Consensus pathology. (A) Case example of consensus GZL diagnosis (B-cell lymphoma with features intermediate between diffuse large B-cell lymphoma and classical Hodgkin lymphoma). Sheetlike proliferation of tumor cells resembling PMBL is seen in the top left panel. Focally, collections of eosinophils are noted (top right). The tumor cells are strongly positive for CD20, CD30, and CD15 (bottom). (B) Reclassified case: cHL NS2. Representative images from 2 cases of cHL NS2 are shown. (Top) Characteristic histology with a nodular growth pattern, fibrous bands, and a sheetlike growth of lacunar cells. (Bottom) Immunohistochemical stains from a second case show the nodular growth pattern with strong staining for CD20, but also positivity for CD30 and focal staining for CD15. (C) Reclassified case: primary mediastinal large B cell lymphoma. Diffuse proliferation of large neoplastic cells is seen (top left). The neoplastic cells have abundant clear cytoplasm and vesicular nuclei with basophilic nucleoli (top right). They are strongly, uniformly positive for CD20, with dim expression of CD30, and are negative for CD15 (bottom). (D) Synopsis of the immunohistochemical staining results from consensus confirmed GZL cases. The bar graph illustrates immunohistochemical staining for markers CD20, CD79a, PAX5, MUM1, CD30, CD15, CD3, and in situ hybridization for EBV (EBV-encoded small RNA [EBER]). For immunohistochemical studies, staining was considered to be positive if it had intensity of 2 or more (on +1 to +3 scale) and was distributed in more than 25% of neoplastic cells. Cases with weak/negative expression are not included in this graph. Hematoxylin and eosin staining, original magnification ×400 (A, B [top right panel], and C [top panels]) and ×200 (B [top left panel]). Immunohistochemical staining, original magnification ×400 (all other panels).

Figure 1.

Consensus pathology. (A) Case example of consensus GZL diagnosis (B-cell lymphoma with features intermediate between diffuse large B-cell lymphoma and classical Hodgkin lymphoma). Sheetlike proliferation of tumor cells resembling PMBL is seen in the top left panel. Focally, collections of eosinophils are noted (top right). The tumor cells are strongly positive for CD20, CD30, and CD15 (bottom). (B) Reclassified case: cHL NS2. Representative images from 2 cases of cHL NS2 are shown. (Top) Characteristic histology with a nodular growth pattern, fibrous bands, and a sheetlike growth of lacunar cells. (Bottom) Immunohistochemical stains from a second case show the nodular growth pattern with strong staining for CD20, but also positivity for CD30 and focal staining for CD15. (C) Reclassified case: primary mediastinal large B cell lymphoma. Diffuse proliferation of large neoplastic cells is seen (top left). The neoplastic cells have abundant clear cytoplasm and vesicular nuclei with basophilic nucleoli (top right). They are strongly, uniformly positive for CD20, with dim expression of CD30, and are negative for CD15 (bottom). (D) Synopsis of the immunohistochemical staining results from consensus confirmed GZL cases. The bar graph illustrates immunohistochemical staining for markers CD20, CD79a, PAX5, MUM1, CD30, CD15, CD3, and in situ hybridization for EBV (EBV-encoded small RNA [EBER]). For immunohistochemical studies, staining was considered to be positive if it had intensity of 2 or more (on +1 to +3 scale) and was distributed in more than 25% of neoplastic cells. Cases with weak/negative expression are not included in this graph. Hematoxylin and eosin staining, original magnification ×400 (A, B [top right panel], and C [top panels]) and ×200 (B [top left panel]). Immunohistochemical staining, original magnification ×400 (all other panels).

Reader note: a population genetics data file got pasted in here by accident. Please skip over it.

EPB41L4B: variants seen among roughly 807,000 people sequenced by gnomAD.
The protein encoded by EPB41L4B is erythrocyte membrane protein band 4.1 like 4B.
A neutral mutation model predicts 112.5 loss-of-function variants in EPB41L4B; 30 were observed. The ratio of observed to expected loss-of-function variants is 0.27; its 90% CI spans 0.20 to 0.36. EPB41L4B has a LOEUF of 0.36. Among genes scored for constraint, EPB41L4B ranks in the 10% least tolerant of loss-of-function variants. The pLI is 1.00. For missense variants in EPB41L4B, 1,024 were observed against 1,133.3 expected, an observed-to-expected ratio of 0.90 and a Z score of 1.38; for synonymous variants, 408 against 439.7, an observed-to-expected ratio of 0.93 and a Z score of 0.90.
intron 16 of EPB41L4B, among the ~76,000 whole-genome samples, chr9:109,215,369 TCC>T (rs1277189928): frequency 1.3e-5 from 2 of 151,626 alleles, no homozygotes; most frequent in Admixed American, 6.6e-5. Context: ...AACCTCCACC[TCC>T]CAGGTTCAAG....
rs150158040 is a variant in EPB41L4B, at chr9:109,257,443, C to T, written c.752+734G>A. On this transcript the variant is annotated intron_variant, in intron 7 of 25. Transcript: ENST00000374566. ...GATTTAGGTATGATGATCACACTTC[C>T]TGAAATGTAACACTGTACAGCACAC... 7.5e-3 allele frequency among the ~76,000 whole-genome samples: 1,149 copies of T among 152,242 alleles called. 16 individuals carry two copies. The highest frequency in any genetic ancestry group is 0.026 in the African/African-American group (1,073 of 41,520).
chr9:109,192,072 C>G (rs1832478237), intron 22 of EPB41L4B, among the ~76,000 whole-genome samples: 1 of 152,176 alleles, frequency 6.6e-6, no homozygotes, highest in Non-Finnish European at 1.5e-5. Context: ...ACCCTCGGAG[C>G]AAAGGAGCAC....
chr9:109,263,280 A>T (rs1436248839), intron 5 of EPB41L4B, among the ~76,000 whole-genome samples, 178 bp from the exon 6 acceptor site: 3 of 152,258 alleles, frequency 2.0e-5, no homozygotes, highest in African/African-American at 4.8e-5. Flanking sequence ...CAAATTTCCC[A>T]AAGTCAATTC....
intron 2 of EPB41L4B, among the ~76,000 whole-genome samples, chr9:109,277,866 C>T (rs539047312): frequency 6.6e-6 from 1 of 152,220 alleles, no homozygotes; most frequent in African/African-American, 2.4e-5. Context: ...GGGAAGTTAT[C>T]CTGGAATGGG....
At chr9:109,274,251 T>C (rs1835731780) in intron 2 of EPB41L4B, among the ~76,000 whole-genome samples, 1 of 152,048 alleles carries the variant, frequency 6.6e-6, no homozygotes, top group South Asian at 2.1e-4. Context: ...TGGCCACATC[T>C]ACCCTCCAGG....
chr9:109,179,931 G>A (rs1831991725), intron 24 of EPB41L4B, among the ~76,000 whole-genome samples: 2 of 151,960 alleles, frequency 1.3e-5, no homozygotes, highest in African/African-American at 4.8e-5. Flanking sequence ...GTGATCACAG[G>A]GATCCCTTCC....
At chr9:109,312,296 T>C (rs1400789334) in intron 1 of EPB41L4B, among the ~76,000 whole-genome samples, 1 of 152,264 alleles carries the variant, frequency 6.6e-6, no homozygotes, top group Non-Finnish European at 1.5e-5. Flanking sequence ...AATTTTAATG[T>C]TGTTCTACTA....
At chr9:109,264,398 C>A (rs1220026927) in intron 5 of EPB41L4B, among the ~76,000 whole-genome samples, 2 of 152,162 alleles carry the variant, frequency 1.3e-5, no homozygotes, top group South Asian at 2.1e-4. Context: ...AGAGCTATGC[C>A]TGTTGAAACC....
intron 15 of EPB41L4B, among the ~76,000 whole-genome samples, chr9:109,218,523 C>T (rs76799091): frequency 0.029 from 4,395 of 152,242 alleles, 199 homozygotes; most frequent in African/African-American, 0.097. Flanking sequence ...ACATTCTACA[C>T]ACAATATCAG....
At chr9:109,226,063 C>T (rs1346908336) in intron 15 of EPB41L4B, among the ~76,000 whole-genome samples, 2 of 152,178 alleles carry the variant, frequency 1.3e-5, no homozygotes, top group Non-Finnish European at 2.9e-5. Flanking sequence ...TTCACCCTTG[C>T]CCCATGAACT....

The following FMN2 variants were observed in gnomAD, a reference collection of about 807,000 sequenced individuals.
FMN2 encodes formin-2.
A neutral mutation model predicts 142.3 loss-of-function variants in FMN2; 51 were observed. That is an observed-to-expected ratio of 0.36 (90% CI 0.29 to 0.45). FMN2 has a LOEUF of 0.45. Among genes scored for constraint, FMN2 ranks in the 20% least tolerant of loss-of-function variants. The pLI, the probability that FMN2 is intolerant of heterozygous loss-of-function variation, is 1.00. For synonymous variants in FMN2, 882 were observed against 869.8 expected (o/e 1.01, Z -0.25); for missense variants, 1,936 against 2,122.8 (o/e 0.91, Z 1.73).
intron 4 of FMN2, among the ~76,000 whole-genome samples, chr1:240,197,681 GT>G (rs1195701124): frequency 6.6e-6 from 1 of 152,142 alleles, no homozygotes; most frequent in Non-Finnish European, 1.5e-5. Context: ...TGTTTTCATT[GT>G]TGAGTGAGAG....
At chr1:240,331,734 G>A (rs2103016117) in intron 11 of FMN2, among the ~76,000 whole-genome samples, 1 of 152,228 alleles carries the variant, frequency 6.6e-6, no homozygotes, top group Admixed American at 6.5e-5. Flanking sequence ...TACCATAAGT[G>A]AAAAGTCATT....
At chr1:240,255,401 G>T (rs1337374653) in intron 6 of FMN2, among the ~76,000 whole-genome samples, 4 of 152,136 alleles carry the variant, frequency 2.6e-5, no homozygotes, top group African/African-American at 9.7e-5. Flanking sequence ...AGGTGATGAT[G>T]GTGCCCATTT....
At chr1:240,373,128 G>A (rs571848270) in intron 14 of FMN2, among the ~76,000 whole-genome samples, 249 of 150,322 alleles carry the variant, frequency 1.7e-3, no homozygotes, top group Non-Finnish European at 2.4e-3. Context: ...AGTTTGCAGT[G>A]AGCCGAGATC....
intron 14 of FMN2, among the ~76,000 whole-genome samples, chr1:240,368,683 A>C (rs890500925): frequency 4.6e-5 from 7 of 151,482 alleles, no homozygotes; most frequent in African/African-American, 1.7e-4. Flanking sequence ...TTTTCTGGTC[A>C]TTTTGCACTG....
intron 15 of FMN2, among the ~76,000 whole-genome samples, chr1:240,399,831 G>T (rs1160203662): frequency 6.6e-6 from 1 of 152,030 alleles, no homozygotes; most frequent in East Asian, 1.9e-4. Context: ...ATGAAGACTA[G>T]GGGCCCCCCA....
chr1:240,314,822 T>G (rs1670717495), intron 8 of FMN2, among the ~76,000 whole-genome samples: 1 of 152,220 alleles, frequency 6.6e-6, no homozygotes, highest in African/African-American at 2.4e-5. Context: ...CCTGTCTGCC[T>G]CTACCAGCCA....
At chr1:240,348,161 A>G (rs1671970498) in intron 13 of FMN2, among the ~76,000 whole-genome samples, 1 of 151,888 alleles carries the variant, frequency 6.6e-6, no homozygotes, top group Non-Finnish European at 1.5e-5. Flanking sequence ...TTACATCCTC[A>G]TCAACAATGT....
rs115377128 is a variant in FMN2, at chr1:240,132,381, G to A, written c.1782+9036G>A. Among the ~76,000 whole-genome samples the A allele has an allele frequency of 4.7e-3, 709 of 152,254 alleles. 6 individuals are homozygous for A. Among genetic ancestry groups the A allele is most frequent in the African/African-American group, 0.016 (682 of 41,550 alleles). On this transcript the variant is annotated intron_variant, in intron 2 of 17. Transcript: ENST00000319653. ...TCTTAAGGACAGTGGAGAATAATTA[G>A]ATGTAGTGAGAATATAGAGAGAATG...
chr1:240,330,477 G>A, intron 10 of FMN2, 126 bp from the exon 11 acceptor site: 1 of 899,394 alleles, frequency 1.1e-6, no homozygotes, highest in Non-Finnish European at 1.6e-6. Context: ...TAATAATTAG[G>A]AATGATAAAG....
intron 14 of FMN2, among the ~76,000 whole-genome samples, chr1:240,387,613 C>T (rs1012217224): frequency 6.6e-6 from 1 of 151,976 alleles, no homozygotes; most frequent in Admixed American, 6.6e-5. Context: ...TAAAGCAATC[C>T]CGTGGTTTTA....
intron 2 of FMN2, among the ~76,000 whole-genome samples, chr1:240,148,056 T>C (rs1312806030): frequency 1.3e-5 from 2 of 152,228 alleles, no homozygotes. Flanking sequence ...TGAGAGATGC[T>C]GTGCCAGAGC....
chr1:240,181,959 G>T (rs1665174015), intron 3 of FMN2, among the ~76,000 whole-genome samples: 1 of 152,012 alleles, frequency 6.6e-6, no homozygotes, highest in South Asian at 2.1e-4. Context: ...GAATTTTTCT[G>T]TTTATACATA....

GZL cases

All 26 GZL cases were of B-cell derivation (ie, positive for ≥1 B-cell marker: CD20, CD79a, and/or PAX5). In general, neoplastic cells in the confirmed GZL cases were abundant, often occurring in sheets, with tumor cells usually being large with centroblastic or immunoblastic appearance and a high degree of pleomorphism. Most were strongly CD20 positive (21/26; 81%), whereas other B-cell markers were variable (Figure 1D). Detailed immunohistochemistry data are described in supplemental Table 1. MUM1 was available for evaluation in 22/26 cases and was consistently strong (scores 3 or 4) in all but 1 case (ie, 96% strong MUM1 positivity), with moderate staining in the other case. In addition to strong CD20 positivity, most cases were CD30+ (24/26, 92%), including 4 CD20 cases. These 4 latter cases did not qualify for the diagnosis of cHL, in part based on a lack of morphologic criteria characteristic for cHL; most notably, absence of a more extensive inflammatory background and cytomorphology resembling primary mediastinal large B-cell lymphoma (PMBL) with strong PAX5 staining. CD15 was scored as positive (ie, at least 2+) in 11/26 cases (42%); in 5 cases (19%), CD15 was strongly expressed in all neoplastic cells along with strong CD30 coexpression. CD3 was positive in bystander T cells only. Only 1 GZL case (4%) was EBV+. There was no morphologic and/or immunophenotypic difference between GZL primarily occurring in the mediastinum or involving peripheral sites (data not shown).